I have held against Orthodoxy its collaboration with any number of evil governments. Because of my Baptist friends in Romania, and the executions of them the Orthodox priests arranged within my lifetime, I have an especial anger; but the pattern has been the same in Russia, in the Balkans. It was not always just infiltration by government agents, forced upon them.
Kaplan's book has given me a new spin on this, and there is much to consider. The Romanian intellectuals he spoke with offered a similar theme about the relation of Orthodoxy to the culture. They divide the Protestant and Catholic West from the Orthodox East more thoroughly than we are used to doing here. They see the underlying culture of Romania as less European, more tied to Asia and the Near East. Kaplan gives numerous examples of cultural tells and political approaches meeting with Romanian officials. Transylvania they consider a middle ground. Romanians want to be Westerners, especially Americans. They point to their Latinate language as evidence of their Westernness.
I have stories on that myself, but a section of the book says it better.
Kaplan quotes Horea-Roman Patapievici
"The task for Romania is to acquire a public style based on impersonal rules, otherwise business and policies will be full of intrigue, and I am afraid our Eastern Orthodox traditon is not helpful in this regard. Romania, Bulgaria, Serbia, Macedonia, Russia, Greece - all the Orthodox nations of Europe - are characterized by weak institutions. That is because Orthodoxy is flexible and contemplative, based more on the oral traditions of peasants than on texts. Unlike Polish Catholicism, it never challenged the state. Orthodoxy is separated from, yet tolerant of, the world as it is: fascist, Communist, or democratic, because it has created an alternate world of its own based on the peasant village. In this way, Orthodoxy reconciles our ancient heritage with modern glitz."Intersting, and a pattern I think not limited to the Orthodox. It may be a general rule that people have more enmity toward a local competitor who can be seen, who competes for goods, land, and status from the next village, than toward the faraway oppressor. Only when war is active, and the soldiers of the oppressor become visible, is the anger directed toward them.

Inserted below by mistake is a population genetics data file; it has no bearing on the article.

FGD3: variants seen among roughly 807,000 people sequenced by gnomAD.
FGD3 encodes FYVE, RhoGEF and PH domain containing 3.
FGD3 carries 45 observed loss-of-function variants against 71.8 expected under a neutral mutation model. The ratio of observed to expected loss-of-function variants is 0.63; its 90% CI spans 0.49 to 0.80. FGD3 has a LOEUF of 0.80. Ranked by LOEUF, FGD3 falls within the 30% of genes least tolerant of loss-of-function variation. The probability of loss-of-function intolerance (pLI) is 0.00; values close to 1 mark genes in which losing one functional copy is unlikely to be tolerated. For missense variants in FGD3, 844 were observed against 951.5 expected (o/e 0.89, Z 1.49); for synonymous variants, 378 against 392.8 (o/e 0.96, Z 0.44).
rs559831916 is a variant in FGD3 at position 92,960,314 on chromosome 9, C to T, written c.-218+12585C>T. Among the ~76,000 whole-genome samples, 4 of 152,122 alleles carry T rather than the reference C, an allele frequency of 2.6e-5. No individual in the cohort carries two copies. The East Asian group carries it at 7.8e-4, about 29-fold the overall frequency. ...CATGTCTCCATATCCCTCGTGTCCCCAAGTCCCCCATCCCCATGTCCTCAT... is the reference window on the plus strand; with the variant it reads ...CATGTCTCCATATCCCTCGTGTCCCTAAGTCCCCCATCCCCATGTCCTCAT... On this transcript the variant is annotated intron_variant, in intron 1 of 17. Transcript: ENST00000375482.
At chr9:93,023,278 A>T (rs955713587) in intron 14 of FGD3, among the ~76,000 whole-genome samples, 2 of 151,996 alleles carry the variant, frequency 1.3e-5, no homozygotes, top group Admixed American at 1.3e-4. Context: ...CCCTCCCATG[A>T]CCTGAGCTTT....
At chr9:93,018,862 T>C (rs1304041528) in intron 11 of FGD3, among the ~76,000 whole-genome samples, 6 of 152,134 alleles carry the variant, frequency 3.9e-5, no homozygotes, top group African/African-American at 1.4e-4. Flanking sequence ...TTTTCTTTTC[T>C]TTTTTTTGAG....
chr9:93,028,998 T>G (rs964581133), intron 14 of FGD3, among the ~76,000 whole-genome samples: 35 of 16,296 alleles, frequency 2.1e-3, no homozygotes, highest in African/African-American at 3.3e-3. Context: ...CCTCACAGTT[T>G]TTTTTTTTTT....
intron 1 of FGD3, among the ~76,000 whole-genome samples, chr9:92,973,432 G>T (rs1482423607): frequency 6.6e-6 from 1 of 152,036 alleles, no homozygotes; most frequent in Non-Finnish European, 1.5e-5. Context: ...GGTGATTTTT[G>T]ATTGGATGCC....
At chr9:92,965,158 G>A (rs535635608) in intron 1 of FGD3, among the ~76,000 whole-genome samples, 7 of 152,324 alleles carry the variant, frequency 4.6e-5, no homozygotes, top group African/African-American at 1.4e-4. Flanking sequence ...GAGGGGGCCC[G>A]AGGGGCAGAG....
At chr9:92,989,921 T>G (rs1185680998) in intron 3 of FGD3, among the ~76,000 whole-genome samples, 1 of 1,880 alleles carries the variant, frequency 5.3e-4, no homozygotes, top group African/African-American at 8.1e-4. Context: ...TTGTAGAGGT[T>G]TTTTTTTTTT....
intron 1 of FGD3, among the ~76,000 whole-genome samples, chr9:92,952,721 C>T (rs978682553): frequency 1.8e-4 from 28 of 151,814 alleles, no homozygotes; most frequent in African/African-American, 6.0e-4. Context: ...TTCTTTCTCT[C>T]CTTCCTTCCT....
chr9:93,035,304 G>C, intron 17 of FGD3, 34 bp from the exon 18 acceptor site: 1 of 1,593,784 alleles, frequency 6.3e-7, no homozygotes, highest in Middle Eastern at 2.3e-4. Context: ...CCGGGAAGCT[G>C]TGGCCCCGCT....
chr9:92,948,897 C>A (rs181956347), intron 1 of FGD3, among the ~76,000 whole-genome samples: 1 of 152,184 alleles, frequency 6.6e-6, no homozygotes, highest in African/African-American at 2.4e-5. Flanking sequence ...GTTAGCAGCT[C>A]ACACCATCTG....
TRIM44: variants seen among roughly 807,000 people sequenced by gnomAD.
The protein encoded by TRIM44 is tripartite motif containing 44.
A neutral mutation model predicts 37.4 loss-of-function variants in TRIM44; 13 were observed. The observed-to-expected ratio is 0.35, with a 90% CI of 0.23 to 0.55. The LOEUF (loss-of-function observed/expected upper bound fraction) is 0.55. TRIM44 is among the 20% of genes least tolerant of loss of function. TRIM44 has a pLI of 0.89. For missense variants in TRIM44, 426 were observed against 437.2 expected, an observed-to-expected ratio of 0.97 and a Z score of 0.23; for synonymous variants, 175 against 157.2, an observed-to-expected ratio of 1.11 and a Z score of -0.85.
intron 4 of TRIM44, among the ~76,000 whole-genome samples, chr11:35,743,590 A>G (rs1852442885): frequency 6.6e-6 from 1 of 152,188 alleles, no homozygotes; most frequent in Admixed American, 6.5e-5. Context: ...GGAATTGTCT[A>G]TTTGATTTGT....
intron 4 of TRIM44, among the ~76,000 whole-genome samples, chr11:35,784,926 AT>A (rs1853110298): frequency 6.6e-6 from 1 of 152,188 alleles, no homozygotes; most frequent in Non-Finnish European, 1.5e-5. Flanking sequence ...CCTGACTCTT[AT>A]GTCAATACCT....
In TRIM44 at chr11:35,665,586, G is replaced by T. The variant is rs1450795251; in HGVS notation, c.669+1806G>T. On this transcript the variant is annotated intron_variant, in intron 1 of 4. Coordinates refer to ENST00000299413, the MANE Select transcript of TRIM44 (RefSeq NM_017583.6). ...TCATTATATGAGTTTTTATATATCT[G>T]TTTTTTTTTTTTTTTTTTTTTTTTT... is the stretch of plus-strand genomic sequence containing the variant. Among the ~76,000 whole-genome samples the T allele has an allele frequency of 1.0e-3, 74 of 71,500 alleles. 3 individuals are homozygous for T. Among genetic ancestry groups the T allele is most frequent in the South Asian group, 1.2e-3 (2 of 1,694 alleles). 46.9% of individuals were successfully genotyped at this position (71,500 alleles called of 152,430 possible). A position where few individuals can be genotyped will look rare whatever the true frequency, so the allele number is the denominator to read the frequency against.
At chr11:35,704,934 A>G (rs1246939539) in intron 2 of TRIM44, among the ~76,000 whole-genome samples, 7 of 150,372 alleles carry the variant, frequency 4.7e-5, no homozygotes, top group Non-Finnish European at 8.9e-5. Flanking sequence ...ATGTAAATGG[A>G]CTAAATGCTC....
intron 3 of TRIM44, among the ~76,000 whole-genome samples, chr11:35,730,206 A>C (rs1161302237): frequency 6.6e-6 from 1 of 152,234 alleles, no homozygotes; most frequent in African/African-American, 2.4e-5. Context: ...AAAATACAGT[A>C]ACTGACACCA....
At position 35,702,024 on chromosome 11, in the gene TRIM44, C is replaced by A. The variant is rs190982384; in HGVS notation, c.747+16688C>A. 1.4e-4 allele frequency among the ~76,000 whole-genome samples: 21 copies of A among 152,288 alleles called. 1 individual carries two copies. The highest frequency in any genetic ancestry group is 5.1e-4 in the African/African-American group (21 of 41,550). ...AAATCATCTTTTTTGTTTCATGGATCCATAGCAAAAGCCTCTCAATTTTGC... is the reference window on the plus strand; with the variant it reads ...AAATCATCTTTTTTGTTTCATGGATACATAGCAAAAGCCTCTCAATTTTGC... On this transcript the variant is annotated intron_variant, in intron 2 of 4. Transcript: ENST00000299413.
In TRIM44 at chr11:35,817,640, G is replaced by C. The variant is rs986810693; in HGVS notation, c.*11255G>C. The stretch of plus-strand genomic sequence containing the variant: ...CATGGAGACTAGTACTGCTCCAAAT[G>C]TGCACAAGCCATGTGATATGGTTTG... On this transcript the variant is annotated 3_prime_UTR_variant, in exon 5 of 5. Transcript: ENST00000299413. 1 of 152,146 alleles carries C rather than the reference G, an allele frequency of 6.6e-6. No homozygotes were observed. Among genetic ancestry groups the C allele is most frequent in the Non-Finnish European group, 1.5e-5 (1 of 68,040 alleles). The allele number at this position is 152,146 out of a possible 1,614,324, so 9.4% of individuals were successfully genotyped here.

Indeed, Teoctist, the last leader of a major institution to profess undying loyalty to Ceaucescu, only days before his execution, was still the Orthodox Patriarch in 1998. The church here was continuing its oppression of Greek Catholic Uniates - Orthodox Christians who went over to the pope several hundred years ago. (Historically, Orthodox churches have enjoyed better relations with Moslems than with Western Christians, seeing the latter as a greater threat.)
(Note, BTW, the inclusion of Greece as an essentially non-Western country. Romanians resent that Truman rescued Greece but not Romania after WWII. They believed they were more suited for union with the West. Interesting question, in light of recent events.)
Which is chicken and which is egg? Does the contemplative, otherworldly emphasis of Orthodoxy allow the state to become oppressive unopposed, or is the flexibility a result of living under oppressive regimes?